The disassembly of mandrel 32 however, requires a special technique. Although removal of end nuts 44 permits all the other mandrel parts to be removed, washer stack 36 remains captured by metal layer 34.
The washers can, however, be removed by destroying them. The preferred process to accomplish this is etching the washers away by using acid. However, other methods are also available. For instance, depending upon the materials used for washer stack 36, it would also be practical to melt washer stack 36 or to burn it away in an oven. In either case, once washer stack 36 is removed, metal layer 34, which is the embodiment shown in FIG. 1 or FIG. 2 is what remains.
The total process by which polished grooves for heat pipes are constructed is best described as follows.
A. Selecting two sizes of flat washers with the same inside diameter, the larger washer with an outside diameter the same as the inside diameter of the heat pipe casing desired and the smaller washer with an outside diameter differing from the outside diameter of the larger washer by two times the depth of the grooves desired;
B. Polishing the portion of the flat sides of the larger washers which extend beyond the circumference of the smaller washer to a roughness measure of no greater than 8 microinches R.M.S.;
C. Polishing the outside circumferences of the larger washers to a roughness measure of no greater than 8 mircoinches R.M.S.;
D. Assembling the washers on a central core which holds them on a single axis with larger washers and smaller washers alternating;
E. Clamping the assembled washers tightly together;
F. Forming a layer of a material of which the grooves are to be constructed on the outside circumferences of the assembled washers;
G. Removing the clamp; and
H. Removing the washers from inside the layer of material formed on their outside circumference.
The addition of rounded valleys is accomplished simply by shaping the outside circumferences of the larger washers to have rounded corners before polishing them. Also the addition of rough lands between the finished grooves is attained merely by roughening the outside circumferencial edges of the smaller washers before assembling the washers onto the central core.
FIG. 4 depicts, in a perspective view, a mandrel which can be used to produce a heat pipe with grooves in an essentially linear configuration. There, mandrel 60 is assembled of alternating narrower laminations 62 and wider laminations 64 in much the same manner as the mandrel in FIG. 3, except all the laminations also decrease in width as they progress from one end to the other of mandrel 60. Therefore, mandrel 60 can be simply withdrawn from the deposited metal layer (not shown) after the process of formation is complete. Flush through pins 66 are used to hold assembled mandrel 60 together in a manner which permits the grooved portions to be joined by smooth structural layers on sides 68 of mandrel 60.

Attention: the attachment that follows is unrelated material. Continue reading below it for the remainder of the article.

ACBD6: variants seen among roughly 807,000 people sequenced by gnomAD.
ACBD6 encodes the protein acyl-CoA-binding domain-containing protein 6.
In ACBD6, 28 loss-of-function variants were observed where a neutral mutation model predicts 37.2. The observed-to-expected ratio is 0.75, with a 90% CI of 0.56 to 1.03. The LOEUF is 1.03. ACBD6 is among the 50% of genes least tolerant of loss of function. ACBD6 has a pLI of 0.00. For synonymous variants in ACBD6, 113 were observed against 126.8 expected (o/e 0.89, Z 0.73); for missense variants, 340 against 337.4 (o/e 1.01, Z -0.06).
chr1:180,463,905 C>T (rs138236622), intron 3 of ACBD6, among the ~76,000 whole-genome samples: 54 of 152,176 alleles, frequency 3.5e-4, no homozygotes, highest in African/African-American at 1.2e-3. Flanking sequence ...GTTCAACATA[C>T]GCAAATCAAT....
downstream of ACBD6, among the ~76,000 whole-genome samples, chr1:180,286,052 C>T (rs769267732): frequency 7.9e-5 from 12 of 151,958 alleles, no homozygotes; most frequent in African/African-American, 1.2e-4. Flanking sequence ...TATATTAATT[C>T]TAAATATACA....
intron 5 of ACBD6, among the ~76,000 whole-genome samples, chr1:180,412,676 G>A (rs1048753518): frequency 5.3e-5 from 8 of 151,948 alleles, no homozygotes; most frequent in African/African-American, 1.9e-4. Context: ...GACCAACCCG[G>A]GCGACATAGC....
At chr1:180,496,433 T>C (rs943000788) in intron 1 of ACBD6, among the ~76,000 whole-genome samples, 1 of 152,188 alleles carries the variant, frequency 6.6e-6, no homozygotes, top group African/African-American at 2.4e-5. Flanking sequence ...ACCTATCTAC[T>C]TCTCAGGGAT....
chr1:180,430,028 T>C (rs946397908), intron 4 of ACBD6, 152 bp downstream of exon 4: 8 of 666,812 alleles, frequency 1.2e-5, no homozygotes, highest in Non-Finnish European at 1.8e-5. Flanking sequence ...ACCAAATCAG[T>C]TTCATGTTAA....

The method involved in the use of linear mandrel 60 is somewhat simpler than the method of using a cylindrical mandrel. It is as follows.
A. Assembling a mandrel of flat laminations which decrease in width from one end to the other, with smaller laminations of a width equal to the inside dimension of the desired heat pipe alternating with larger laminations which are larger in width than the smaller laminations by the sum total of the depths of facing grooves in a desired heat pipe, the larger laminations being polished to a roughness measure of no more than 8 microinches R.M.S. over their edges and over the portion of their flat surfaces which extend beyond the widths of the smaller laminations;
B. Forming layers of material of which the grooves are to be constructed on the outside of the surfaces formed by the edges of the laminations;
C. Structurally jointing the layers together; and
D. Removing the mandrel from inside the formed groove structure.
Of course, as in the cylindrical mandrel, the edges of the wider laminations can be rounded and the edges of the smaller laminations can be roughened to produce the desirable results afforded by those changes.
It is therefore clear that the method of the invention can be used to produce both circumferential grooves and linear grooves in heat pipes, and in both instances the result is a groove structure which is highly resistant to boiling.
It is to be understood that the form of this invention as shown is merely a preferred embodiment. Various changes may be made in the function and arrangement of parts; equivalent means may be substituted for those illustrated and described; and certain features may be used independently from others without departing from the spirit and scope of the invention as defined in the following claims.